NHA Activities in Yemen
Successful nationwide implementation of decentralized planning and management of a health care reform strategy will depend upon accurate and timely financial information about how money is flowing through the health care system, the amounts that are provided from different sources, the amounts that are paid to different providers, on different types of inputs, and for diverse categories of services. This information is particularly necessary for assessing how the strategy is being implemented in the public health sector, for monitoring how and the degree to which the decentralized system is managing and using public health budget transfers, for analyzing the potential impact of alternative public policies and programs and for developing future multi-year investment plans for the health sector. It is also critically important that financial information be collected and reported for financial flows that occur outside government channels.
Information from the first round of Yemen's National Health Accounts (NHA) estimates (1998) found that out-of-pocket spending by Yemenis accounted for about 60% of all spending in the health sector. This factor accounts for the recent rapid growth in the importance of private medical practice and of private pharmacies throughout the country. Future trends in the growth of the private sector will have important impacts on the cost-effectiveness and other important dimensions of public sector spending, particularly if public sector utilization drops while spending is constant or increasing. NHA can give policy-relevant data on the dimensions of financial flows throughout the sector, and can provide policymakers an important perspective on the interactive effects of resource flows to the private and public sectors.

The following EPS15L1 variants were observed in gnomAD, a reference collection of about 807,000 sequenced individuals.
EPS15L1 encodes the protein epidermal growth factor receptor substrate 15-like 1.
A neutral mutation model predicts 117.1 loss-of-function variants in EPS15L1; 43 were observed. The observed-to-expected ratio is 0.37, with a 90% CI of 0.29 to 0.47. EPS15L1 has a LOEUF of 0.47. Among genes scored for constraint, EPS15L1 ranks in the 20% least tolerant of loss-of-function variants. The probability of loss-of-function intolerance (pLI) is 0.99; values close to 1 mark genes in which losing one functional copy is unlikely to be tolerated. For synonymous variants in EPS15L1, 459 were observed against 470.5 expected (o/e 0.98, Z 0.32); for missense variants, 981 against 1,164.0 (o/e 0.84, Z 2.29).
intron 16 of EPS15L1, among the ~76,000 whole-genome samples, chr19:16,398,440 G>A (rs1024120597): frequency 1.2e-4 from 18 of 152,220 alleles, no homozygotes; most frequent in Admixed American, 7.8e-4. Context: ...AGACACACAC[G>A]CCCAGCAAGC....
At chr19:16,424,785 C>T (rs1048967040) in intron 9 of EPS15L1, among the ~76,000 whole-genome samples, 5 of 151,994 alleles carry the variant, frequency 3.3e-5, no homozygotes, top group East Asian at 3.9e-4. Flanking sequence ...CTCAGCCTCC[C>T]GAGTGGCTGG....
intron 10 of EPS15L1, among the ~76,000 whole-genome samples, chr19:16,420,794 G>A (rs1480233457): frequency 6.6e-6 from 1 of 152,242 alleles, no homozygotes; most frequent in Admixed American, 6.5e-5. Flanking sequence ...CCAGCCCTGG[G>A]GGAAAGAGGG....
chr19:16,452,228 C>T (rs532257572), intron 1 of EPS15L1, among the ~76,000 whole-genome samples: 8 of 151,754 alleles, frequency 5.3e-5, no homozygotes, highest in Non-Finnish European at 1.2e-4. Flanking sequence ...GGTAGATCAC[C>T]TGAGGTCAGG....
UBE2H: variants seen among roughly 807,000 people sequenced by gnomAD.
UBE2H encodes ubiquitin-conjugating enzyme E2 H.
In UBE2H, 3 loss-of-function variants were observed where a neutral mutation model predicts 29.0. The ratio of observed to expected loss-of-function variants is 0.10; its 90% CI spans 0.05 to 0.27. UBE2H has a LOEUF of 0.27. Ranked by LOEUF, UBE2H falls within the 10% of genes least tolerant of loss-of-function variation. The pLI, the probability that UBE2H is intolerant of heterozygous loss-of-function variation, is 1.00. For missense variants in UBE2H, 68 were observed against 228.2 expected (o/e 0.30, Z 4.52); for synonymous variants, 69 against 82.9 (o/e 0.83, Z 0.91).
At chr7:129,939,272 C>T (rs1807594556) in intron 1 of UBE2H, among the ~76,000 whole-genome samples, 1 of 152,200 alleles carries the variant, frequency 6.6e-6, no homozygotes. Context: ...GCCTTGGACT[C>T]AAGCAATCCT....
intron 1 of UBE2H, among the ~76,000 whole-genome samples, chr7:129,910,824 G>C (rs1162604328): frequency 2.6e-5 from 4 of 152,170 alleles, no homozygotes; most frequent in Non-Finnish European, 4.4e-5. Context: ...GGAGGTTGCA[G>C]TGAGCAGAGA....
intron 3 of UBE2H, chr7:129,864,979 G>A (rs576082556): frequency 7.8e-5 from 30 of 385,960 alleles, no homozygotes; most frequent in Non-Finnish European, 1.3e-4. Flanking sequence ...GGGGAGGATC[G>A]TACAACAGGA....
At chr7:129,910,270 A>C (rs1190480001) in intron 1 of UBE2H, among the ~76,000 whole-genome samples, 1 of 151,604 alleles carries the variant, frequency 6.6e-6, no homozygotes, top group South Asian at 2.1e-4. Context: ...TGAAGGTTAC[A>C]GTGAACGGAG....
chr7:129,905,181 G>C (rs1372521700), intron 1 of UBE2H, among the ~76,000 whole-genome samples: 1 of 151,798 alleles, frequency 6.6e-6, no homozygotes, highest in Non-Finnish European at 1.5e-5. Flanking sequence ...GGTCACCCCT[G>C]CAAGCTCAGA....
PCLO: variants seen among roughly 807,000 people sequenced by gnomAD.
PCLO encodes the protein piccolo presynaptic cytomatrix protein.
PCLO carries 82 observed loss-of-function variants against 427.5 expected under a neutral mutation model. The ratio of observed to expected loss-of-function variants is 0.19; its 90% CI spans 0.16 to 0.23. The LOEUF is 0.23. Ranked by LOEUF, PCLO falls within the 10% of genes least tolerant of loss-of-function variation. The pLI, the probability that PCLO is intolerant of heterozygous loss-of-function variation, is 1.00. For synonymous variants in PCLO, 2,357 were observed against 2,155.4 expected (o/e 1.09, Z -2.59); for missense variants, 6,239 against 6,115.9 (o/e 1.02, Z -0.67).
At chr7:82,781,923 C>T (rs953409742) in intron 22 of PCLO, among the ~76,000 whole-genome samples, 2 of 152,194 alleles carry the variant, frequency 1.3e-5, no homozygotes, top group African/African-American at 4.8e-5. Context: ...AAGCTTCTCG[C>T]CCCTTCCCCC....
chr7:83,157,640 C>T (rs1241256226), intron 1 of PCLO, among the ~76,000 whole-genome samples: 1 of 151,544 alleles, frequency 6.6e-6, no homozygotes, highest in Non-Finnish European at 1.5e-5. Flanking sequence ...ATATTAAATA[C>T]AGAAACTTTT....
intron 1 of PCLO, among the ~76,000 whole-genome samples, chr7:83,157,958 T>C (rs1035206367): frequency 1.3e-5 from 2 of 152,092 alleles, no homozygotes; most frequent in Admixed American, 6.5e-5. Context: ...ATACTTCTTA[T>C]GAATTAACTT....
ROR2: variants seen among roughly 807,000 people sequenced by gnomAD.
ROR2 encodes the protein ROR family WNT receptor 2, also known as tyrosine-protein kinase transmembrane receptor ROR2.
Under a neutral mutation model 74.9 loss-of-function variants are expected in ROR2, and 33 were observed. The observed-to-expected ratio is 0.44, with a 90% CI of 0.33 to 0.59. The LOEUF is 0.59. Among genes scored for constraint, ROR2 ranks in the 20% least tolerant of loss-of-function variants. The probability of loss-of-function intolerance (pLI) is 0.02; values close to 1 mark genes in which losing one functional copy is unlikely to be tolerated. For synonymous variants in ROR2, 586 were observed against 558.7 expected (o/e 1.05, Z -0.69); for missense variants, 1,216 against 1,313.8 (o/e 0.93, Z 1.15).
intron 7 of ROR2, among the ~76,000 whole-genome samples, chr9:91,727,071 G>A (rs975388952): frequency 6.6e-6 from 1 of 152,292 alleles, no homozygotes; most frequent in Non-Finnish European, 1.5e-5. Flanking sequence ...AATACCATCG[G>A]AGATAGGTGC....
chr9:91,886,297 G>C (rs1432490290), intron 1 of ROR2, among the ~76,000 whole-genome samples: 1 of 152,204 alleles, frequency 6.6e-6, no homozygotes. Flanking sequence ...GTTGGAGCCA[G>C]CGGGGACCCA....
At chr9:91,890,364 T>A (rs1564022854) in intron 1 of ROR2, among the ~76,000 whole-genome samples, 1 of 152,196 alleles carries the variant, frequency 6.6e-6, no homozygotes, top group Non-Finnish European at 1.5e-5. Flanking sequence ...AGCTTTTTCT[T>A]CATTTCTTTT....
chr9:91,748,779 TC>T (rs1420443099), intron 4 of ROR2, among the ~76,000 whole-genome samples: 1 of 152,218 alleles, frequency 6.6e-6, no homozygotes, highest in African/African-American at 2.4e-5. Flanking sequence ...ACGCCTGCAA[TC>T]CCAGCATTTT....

PHRplus, in collaboration with the Ministry of Public Health and Population's Health Policy and Technical Support Unit and the World Health Organization (WHO) held two workshops on National Health Accounts in January 2004 in Sana'a. The goal of the first workshop was to inform a variety of stakeholders - the ministries implicated in health expenditures, the private sector, and the donor community - about the NHA framework and the process in Yemen, results from the first NHA report (1998), experience from other countries utilizing NHA as a tool for policymaking, and how NHA fits into the current policy reform agenda in Yemen. The second day was a roundtable discussion with the NHA team and the donors supporting NHA activities in Yemen. The group discussed future plans for conducting NHA, roles, responsibilities, and resources available. As a result, PHRplus is assisting in the development of an NHA/Yemen workplan with the newly configured NHA team, WHO, and the European Commission. PHRplus will continue to provide technical support to these activities over the next few years.